Ensuring Compliance with Section 174: Expert Analysis

Ohio Justice Center – Columbus

At Royse Partners Limited, we can serve your business by providing comprehensive Section 174 analyses to ensure your business remains compliant with IRS regulations on research and experimental (R&E) expenditures. Our team partners with Attorneys, CPAs, and industry experts to offer tailored solutions that optimize your financial strategy and tax planning. With the recent changes in tax legislation, it is more important than ever to accurately account for and amortize your R&E expenses appropriately.

Let Royse Partners guide you through the complexities of Section 174 and provide peace of mind, allowing you to focus on your Company’s innovation and growth.

What is Section 174 and Why is it Important?

Section 174 of the Internal Revenue Code (IRC) has long statutorily provided essential accounting methods for businesses engaged in research and experimentation (R&E) activities. Originally enacted in 1954, Section 174 allowed businesses to immediately deduct expenses related to R&E in the year incurred, thereby encouraging innovation and development. This tax provision has played a critical role in supporting businesses as they invested in new technologies, products, processes, and more.

Beginning in tax year 2022, all businesses are now required to capitalize their R&E expenditures and amortize them over a five-year period for domestic expenditures, and a 15-year period for foreign expenditures. This significant change mandated the shift from immediate deduction in the year such expenses are incurred to one of mandatory capitalization and amortization.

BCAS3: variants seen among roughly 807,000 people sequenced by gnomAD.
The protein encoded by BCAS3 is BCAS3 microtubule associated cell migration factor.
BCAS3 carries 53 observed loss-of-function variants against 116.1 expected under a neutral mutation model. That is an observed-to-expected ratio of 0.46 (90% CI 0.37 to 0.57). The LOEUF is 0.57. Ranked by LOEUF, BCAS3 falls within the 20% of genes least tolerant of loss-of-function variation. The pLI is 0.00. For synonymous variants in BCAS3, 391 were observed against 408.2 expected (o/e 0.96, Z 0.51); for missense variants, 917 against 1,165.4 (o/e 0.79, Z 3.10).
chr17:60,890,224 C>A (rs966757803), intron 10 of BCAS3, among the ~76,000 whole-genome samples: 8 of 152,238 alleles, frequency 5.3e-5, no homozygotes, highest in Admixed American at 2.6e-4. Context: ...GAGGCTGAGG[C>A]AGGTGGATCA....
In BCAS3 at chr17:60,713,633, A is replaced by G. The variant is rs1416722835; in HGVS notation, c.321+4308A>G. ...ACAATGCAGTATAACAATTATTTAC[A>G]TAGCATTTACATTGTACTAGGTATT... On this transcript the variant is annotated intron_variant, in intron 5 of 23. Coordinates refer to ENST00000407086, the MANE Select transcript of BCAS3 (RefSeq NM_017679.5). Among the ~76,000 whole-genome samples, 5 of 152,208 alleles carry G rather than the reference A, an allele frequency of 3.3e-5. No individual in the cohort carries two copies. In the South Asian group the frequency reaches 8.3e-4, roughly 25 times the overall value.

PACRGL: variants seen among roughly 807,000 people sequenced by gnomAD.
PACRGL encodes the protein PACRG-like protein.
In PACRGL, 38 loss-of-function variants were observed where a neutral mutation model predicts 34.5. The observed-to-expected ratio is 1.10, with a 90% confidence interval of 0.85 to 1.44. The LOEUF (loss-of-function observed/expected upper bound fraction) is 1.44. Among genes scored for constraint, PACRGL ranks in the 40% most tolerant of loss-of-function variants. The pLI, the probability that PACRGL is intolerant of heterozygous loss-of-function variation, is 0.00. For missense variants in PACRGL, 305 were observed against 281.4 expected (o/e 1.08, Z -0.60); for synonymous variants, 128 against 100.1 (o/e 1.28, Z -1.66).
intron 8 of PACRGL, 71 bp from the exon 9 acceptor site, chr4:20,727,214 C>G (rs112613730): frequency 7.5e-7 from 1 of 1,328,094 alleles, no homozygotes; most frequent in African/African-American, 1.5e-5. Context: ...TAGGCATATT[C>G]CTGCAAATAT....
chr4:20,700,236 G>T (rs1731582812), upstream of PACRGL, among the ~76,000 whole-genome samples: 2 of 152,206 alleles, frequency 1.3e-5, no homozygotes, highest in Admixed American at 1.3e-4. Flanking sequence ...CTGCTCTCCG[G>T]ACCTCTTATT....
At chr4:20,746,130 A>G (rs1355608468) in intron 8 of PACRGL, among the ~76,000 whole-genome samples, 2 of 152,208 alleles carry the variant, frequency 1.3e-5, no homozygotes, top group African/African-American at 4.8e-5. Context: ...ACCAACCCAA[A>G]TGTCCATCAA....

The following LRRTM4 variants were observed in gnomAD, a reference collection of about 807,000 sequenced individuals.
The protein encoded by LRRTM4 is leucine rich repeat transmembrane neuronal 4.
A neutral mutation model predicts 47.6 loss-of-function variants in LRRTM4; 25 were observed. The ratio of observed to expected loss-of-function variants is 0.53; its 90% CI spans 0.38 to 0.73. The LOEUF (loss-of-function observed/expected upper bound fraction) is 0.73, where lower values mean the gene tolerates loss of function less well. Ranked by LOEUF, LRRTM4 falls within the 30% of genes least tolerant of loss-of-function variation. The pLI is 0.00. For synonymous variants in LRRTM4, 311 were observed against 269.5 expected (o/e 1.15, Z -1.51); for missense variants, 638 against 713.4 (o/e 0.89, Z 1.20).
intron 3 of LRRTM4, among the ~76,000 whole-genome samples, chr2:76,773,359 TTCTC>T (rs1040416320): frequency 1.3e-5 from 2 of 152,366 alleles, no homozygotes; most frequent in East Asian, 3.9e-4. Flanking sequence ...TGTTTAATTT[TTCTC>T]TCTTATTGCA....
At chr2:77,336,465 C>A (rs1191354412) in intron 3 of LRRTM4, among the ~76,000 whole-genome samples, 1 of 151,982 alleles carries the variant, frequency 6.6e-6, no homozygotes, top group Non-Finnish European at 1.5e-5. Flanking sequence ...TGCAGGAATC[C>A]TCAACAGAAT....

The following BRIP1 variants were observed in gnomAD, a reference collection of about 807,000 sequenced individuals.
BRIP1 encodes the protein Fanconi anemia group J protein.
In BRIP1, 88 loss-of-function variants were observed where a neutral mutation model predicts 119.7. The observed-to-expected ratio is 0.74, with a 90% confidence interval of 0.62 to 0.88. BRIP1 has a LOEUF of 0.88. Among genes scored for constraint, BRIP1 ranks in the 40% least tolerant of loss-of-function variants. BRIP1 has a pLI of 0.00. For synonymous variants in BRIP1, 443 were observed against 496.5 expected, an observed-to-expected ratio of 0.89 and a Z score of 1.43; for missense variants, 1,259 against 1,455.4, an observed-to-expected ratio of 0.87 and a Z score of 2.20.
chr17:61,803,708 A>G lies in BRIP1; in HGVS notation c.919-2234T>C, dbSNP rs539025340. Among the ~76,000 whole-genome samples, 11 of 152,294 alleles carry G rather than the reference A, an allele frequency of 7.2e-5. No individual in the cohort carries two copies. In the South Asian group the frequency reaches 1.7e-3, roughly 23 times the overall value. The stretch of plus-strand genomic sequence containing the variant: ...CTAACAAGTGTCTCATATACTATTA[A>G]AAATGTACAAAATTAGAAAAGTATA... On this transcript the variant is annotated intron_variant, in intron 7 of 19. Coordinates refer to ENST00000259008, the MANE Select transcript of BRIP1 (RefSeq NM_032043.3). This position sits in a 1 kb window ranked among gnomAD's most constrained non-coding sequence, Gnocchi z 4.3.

2021 (Previous § 174)
2022 (§ 174 Changes)
2023 (§ 174 Changes)
R&E costs paid during the year
Of which deductible for the financial year
(10% for 2022
20% for 2023)
Corporate Tax Due (Assuming 21% Tax Rate)
(Due in 2022)
(Due in 2023)
(Due in 2024)

Compliance with Section 174 is mandatory, and businesses must ensure they remain cognizant of such updated laws and regulations. Critical compliance measures include the accurate identification and tracking of R&E expenses, maintaining detailed records, and adjusting accounting methods to accommodate requisite amortization requirements.

What are Section 174 R&E Expenditures?

Section 174 expenses refer to research and experimental (R&E) expenditures a company may incur in connection with its trade or business. Section 174 expenses are specifically related to activities intended to discover information that would eliminate uncertainty in the development or improvement of a product.

These expenses can include:

Moreover, this significant legislative revision to Section 174 specifically enumerates the development of any software to be categorized as an R&E expenditure.

What types of businesses will be affected?

Section 174 of the IRC impacts a diverse range of business entities, including:

Sole Proprietorships & Partnerships – Although typically smaller in scale, these entities can significantly benefit from qualifying Section 174 deductions.